The Safety Gate report provides that, in 2018, a series of alerts pointing at new squeezable or “squishy” toys have appeared in the system. The report states that most of the 23 alerts for “squishy toys” or “squeezable toys” reported that they contained “dangerous chemical substances such as N,N-dimethylformamide, N,N-dimethyl-aminoethanol, cyclohexanone and triethylenediamine, which pose a risk to the eyes, or cause mucous membrane irritation and liver damage.” The EC states that, in some cases, these toys may also pose risk of choking or suffocation, or microbiological risks, “all of which cause serious life-long health injuries, particularly to children.”

The EC states that more than half of all detected dangerous products come from China, and indicates that while cooperation with Chinese authorities in the product safety field continues to be a priority, “the results are mixed.” The EC indicates that it continues to work with the competent Chinese authorities on these matters, including “raising awareness about the product safety rules that need to be met when selling to EU consumers.”

Additional information is available in the EC’s “Questions and Answers on the Safety Gate for dangerous products.”

Report Maps Universe Of REACH-Registered Substances On The EU Market: ECHA released on April 17, 2019, the first report of the Integrated Regulatory Strategy, Mapping the chemical universe to address substances of concern. According to the report, the Integrated Regulatory Strategy aims to ensure the coherent implementation of the REACH and CLP processes and supports authorities in addressing substances of concern as soon as possible. The report notes that in May 2018, ECHA mapped the universe of all registered substances:

  • Around 270 substances are of high priority for risk management;
  • Around 1,300 substances are of high priority for data generation;
  • Around 450 substances are considered of low priority as already sufficiently regulated; and
  • Around 500 substances have been concluded to be currently of low priority after assessment.

ECHA is currently focused on the 4,700 substances registered above 100 tonnes. ECHA has already allocated more than 40 percent of these substances to the above categories of substances. According to the report, authorities still need to clarify in which category the remaining 2,700 substances belong, removing them from the “uncertain area.” ECHA foresees that a significant number of them will undergo compliance checks or substance evaluation in the coming years to generate the necessary information for priority setting and assessment. Lists of the substances belonging to the different categories are not included in the report. ECHA plans to publish them on its website at the end of 2019.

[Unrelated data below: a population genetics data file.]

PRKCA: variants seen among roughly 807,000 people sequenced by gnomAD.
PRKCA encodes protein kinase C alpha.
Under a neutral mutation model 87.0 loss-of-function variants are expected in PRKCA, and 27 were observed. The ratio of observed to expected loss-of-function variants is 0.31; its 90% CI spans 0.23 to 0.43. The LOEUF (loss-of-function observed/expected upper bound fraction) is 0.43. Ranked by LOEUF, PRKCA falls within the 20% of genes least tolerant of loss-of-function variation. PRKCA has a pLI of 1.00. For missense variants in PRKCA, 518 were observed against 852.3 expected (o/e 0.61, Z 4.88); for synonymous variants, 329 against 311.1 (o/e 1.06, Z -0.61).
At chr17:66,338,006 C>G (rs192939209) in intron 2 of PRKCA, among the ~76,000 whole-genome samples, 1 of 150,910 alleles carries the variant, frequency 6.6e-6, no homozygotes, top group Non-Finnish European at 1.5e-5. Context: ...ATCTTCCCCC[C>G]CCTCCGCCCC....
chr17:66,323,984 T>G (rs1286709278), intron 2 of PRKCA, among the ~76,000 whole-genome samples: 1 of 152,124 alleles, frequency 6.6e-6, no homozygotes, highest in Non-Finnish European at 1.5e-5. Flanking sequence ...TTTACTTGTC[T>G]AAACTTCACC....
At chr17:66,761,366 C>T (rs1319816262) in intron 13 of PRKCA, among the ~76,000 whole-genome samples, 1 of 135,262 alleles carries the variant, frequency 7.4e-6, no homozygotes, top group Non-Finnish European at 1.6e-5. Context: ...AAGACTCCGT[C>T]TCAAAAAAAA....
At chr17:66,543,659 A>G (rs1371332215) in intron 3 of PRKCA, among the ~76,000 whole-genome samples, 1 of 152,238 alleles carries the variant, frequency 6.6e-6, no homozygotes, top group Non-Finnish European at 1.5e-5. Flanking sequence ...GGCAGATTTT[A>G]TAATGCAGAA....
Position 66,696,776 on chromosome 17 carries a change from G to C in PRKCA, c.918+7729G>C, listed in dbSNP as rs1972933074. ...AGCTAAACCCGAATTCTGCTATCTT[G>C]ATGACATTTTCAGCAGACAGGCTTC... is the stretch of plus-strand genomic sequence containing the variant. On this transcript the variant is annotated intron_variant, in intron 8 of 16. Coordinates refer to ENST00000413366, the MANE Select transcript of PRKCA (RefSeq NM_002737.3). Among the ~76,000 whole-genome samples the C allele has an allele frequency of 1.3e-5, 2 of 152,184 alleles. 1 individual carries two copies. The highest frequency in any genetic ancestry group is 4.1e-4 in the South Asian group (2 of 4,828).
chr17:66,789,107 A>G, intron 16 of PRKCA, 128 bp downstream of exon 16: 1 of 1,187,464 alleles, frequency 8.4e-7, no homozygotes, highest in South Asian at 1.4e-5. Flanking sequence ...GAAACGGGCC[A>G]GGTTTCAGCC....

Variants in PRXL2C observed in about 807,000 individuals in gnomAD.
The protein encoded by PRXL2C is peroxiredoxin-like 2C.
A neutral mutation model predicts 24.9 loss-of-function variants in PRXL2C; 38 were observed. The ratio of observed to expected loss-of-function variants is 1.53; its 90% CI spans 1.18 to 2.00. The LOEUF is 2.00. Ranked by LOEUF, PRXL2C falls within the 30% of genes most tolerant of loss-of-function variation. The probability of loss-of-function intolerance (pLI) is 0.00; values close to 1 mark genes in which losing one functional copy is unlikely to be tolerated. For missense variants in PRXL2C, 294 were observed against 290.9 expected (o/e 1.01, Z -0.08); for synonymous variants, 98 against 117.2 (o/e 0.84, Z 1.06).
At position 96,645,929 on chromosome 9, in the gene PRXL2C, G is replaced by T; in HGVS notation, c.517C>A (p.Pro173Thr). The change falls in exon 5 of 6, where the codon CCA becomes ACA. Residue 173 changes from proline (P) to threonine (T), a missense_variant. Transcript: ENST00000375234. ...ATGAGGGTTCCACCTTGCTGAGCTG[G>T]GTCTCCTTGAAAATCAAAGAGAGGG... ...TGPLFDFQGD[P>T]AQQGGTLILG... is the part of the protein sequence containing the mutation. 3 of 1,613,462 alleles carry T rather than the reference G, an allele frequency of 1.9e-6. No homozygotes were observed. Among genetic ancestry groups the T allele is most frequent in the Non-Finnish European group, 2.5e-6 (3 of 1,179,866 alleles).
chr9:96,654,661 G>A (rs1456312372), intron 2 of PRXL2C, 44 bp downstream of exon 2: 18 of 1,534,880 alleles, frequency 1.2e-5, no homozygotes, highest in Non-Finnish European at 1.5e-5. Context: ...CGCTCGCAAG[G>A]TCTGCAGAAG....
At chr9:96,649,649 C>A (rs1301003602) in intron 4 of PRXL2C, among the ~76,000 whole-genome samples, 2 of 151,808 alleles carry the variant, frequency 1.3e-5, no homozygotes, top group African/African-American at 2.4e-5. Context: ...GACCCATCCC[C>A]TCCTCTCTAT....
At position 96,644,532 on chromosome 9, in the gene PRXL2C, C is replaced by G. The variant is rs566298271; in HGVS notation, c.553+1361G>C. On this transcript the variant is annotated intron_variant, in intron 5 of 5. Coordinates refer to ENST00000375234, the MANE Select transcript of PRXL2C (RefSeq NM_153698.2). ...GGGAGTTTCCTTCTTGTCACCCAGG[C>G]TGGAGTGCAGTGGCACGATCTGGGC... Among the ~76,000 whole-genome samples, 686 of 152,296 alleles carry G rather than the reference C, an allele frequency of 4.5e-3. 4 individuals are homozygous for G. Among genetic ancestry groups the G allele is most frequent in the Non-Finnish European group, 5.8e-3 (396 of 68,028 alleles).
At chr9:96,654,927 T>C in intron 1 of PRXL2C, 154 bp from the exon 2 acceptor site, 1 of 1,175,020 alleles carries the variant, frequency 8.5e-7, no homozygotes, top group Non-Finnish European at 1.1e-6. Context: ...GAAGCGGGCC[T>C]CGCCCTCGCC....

The report states that there is a need to speed up reviewing chemicals in the uncertain area and to shorten the time between identifying a concern and implementing the necessary regulatory risk management measures. To support this, ECHA states that it has moved from a substance-by-substance approach to the grouping of structurally similar substances. This grouping ensures the more effective use of all available information and enhances the coherence and consistency of authorities’ work when progressing with similar substances. This in turn supports informed substitution. To shorten the time between identifying a concern and regulatory action, EU Member States need to focus on initiating the regulatory processes. While experience has shown that authorities typically act quickly after good candidates for inclusion in the Candidate List or restriction are identified, there is clearly potential for initiating harmonization of classification or action under other legislation more swiftly. Where there are valid reasons for not moving forward with regulatory action, the report states that authorities should document these conclusions in a transparent manner so that full clarity on all higher tonnage substances in the chemical universe can soon be reached. More information is available in ECHA’s April 17, 2019, press release, “Registered substances mapped for regulatory action.”

ECHA Calls For Evidence Related To OELs For Diisocyanates And Lead And Its Compounds: On April 17, 2019, ECHA began calls for evidence on diisocyanates and lead and its compounds and their properties related to scientific evaluation of health-based exposure limits at the workplace. ECHA has been tasked by the EC with the scientific evaluation of occupational exposure limits (OEL), biological limit value(s), health surveillance measures, and/or appropriate notations for diisocyanates and lead and its compounds. The scientific evaluations of the health-based exposure limits are used to support the regulatory initiatives on OEL values for the protection of workers from chemical risks, to be set at the EU level pursuant to the Chemical Agents Directive (Directive 98/24/EC). ECHA states that the calls intend to gather information on uses, exposure, health effects, toxicology, epidemiology, and modes of action on diisocyanates and lead and its compounds. ECHA will use the information gathered to form the basis when drafting the scientific report. Evidence is due June 30, 2019.